Image by Jon Jacobsen via Flickr
I have just finished watching M. Night Shyamalan’s latest work “The Happening” with Mark Wahlberg in the lead. It was a bit vague in explaining the reason for “the happening” referred to in the movie. The story is easy enough to understand: ordinary folks encountering a terrifying phenomenon that kills thousands of people without any direct cause. The theory being forwarded is that plants have begun releasing toxins in the air as a defense mechanism against humans which they view as threats. Whenever a large group of people converge near plants, the trees and even the grasses release these toxins that attack the nerve centers of the brain responsible for preserving the survival instinct. Without that function for self-preservation, humans are compelled to commit suicide in any way they can.
The phases are observable. There were signs that someone has been infected: repitition of words, paralysis, confusion in location or direction of movement, and at the end, exhibiting a series of actions to kill one’s self. So far, none of the victims shown in the movie include children. However, the scope of infection is assumed to be universal.
Plants talk with each other
At first it is considered as a freak of nature, a revenge of sorts by Mother Earth. Unfortunately, the geographical areas infected suggest that it might have been a government-sanctioned experiment gone awry. Only towns and cities in the NorthEast coast were infected. But no matter what it was, the immediate cause is clear: toxins were being released every time the wind blows. There is no escape because everyone needs to breathe.
It is strange, at first, to think of plants as threats to human beings. And it is ridiculous to consider that they will develop a deep connection for those who care for them. But this is the underlying theme of the movie. A character in the film explained that plants communicate with each other: the trees with bushes and the bushes with grasses. They respond when their caretakers talk to them in a soothing voice.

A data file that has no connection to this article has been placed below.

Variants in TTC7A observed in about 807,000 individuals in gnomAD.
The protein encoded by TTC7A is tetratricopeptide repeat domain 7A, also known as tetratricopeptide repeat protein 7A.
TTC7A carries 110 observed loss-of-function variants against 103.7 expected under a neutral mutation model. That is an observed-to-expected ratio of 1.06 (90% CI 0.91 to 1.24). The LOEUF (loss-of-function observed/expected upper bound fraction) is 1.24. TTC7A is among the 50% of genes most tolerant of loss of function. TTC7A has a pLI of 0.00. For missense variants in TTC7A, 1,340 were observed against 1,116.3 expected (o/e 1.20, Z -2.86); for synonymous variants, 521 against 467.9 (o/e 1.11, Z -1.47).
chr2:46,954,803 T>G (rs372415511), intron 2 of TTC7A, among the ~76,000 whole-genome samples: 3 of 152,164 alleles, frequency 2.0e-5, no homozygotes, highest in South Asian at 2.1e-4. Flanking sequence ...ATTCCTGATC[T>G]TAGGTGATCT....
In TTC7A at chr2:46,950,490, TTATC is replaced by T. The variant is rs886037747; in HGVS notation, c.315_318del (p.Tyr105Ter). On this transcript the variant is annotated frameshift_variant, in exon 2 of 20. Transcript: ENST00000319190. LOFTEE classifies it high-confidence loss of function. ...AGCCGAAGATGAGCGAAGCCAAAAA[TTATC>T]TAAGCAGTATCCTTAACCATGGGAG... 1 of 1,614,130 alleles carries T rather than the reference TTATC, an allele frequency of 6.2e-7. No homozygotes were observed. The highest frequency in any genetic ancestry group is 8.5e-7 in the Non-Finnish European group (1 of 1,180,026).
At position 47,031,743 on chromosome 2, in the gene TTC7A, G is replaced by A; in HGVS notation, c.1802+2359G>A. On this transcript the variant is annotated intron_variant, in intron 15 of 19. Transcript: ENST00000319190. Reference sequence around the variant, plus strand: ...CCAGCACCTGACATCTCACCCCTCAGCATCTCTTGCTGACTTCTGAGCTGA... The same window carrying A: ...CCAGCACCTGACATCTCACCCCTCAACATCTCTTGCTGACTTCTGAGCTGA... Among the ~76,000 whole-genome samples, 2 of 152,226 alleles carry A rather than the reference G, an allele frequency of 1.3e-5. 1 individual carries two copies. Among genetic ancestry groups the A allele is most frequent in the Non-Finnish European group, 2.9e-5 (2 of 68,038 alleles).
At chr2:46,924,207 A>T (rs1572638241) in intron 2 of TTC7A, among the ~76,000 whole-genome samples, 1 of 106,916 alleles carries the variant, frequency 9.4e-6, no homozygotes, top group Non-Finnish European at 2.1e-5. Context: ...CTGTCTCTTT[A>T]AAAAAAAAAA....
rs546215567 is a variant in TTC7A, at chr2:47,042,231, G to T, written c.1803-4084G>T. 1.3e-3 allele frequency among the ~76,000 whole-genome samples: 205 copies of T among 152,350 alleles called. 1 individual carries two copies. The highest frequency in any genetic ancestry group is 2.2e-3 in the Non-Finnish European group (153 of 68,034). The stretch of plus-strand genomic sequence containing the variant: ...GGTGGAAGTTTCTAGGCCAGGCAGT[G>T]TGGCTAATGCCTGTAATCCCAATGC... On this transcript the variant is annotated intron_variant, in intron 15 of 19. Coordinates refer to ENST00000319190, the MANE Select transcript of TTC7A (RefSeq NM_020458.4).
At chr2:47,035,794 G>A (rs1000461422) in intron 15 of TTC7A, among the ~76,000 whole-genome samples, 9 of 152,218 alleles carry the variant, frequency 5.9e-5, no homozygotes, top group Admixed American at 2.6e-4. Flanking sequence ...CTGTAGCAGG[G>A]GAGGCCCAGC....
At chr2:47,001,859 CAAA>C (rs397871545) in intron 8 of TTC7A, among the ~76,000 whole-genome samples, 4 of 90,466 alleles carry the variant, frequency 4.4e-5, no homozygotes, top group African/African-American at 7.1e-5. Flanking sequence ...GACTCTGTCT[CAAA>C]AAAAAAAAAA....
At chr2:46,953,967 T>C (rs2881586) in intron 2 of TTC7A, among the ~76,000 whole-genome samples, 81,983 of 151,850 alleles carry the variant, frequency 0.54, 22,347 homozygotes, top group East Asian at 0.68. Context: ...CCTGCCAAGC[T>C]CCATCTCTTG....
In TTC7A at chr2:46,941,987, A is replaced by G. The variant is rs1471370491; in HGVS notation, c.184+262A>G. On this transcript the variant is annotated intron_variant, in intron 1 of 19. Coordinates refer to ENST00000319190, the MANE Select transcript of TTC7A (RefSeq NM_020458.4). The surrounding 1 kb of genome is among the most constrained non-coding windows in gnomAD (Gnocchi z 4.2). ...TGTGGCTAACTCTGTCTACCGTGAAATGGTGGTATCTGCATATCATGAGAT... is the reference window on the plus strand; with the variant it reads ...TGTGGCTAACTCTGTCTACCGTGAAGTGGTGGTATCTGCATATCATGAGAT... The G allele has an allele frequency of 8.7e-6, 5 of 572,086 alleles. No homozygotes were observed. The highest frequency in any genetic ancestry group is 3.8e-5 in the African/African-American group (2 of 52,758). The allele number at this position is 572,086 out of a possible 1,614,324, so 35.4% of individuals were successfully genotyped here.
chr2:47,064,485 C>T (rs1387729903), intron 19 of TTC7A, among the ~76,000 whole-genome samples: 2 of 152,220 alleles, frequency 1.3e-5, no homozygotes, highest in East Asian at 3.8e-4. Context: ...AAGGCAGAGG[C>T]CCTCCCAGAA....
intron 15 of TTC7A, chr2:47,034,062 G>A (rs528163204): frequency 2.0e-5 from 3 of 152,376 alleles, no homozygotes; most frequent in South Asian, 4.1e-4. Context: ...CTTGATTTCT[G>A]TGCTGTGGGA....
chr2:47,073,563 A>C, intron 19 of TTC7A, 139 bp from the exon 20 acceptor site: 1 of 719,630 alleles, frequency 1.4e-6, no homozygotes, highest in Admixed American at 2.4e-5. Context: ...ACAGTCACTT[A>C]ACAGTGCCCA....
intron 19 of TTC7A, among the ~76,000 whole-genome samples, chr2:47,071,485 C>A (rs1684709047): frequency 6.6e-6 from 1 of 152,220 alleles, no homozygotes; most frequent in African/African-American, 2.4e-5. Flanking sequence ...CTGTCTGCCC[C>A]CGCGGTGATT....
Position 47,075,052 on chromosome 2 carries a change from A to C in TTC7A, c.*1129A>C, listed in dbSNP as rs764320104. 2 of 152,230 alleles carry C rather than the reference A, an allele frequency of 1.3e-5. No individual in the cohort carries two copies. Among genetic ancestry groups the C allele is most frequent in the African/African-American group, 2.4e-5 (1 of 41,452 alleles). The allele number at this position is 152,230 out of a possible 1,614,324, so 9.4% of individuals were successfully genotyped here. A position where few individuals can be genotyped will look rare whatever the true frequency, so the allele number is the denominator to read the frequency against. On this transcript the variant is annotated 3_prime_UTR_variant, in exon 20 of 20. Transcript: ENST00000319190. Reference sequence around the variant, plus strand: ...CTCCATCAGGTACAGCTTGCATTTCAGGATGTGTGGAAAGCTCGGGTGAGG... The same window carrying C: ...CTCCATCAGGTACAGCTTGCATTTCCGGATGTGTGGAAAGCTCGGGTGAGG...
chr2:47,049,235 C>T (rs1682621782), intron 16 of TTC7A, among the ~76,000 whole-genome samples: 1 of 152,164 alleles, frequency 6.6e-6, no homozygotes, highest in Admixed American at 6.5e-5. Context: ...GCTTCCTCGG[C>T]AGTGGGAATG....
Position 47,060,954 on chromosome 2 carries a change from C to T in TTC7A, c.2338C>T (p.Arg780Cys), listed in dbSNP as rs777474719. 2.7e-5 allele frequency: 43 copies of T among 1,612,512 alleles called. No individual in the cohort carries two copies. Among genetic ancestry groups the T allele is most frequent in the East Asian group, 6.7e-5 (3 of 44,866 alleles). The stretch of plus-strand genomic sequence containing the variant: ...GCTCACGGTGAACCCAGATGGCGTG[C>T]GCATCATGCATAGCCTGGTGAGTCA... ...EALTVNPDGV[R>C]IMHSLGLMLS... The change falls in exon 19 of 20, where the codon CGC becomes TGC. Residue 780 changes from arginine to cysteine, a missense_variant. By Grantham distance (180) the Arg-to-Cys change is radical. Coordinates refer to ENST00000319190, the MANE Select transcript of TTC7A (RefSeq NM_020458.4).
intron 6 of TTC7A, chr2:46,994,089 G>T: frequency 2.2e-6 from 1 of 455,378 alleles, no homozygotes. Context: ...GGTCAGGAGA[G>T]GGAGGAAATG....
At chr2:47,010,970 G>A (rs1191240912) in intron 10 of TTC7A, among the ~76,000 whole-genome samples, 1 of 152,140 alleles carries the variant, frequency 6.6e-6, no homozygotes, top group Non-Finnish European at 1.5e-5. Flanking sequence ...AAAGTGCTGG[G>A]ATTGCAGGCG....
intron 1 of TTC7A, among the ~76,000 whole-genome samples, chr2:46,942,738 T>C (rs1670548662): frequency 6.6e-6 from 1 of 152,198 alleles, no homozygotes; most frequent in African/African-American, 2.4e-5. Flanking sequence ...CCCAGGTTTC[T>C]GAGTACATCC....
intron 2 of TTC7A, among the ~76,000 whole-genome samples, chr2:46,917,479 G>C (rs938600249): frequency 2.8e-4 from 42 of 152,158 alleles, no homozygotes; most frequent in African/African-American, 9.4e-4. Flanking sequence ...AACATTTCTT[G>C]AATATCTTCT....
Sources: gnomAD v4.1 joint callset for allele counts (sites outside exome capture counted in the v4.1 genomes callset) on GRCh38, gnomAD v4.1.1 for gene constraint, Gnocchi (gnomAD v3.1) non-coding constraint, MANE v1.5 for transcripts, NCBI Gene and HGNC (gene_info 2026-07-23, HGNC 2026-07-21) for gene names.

The same premise is explored in Madeleine L’Engle’s “Wind in the Door,” a young adult fiction about a young boy, Charles Wallace, who is suffering from a mysterious disease, and his devoted sister, Meg, who must save him before it’s too late. The story involved so many fantastical characters which include a many-winged and many-eyed cherubim, forae, Echthroi, and spiritual teachers in the form of a giant and a snake. The culminating sequence that determines the ending happens inside Charles’ mitochondrion.
Just like the plants in “The Happening,” the main characters in the book communicate silently. They call this kything, a non-verbal communion with each other. Communication and communion are different, but they intertwine when different beings interact with each other. Because of the differences in our capacities to speak and the barriers of our species, this spiritual communion is the only method that appear rational. But is it real?
Is this Possible?
Some research studies on plants seem to indicate, indeed, this is possible. Flowering plants and those that bear fruit respond well to music and a soothing human voice. Some which were exposed to noise and negative human language were sickly. While those which were left alone and didn’t receive any attention grew normally, but not as healthy as the first group. Even the responses of a plant when its caretaker leaves are indicative it can sense when the person is either away from or near it.
However, this kind of thinking may be explained as anthromorphism, which is attributing emotion or thought patterns to animals or objects which are incapable of achieving such dimensions. Aside from plants or animals (remember Lassie?), inanimate objects such as robots were also treated as if they have human characteristics. This may be because of the A.I. technology that science has long been fascinated with.
H.A.L. in Space Odyssey and robots in Japanese anime are examples of anthropomorphism with objects in movies. Godzilla and KingKong are animals, but mutated as monsters of great dimensions who feel either love or hate towards humans, just as the trees and grasses in “The Happening” did.
Maybe in a smaller scale this phenomena is possible. But for this to cause havoc and death as depicted in movies is somewhat stretching the facts a little to inject terror into the hearts of audiences.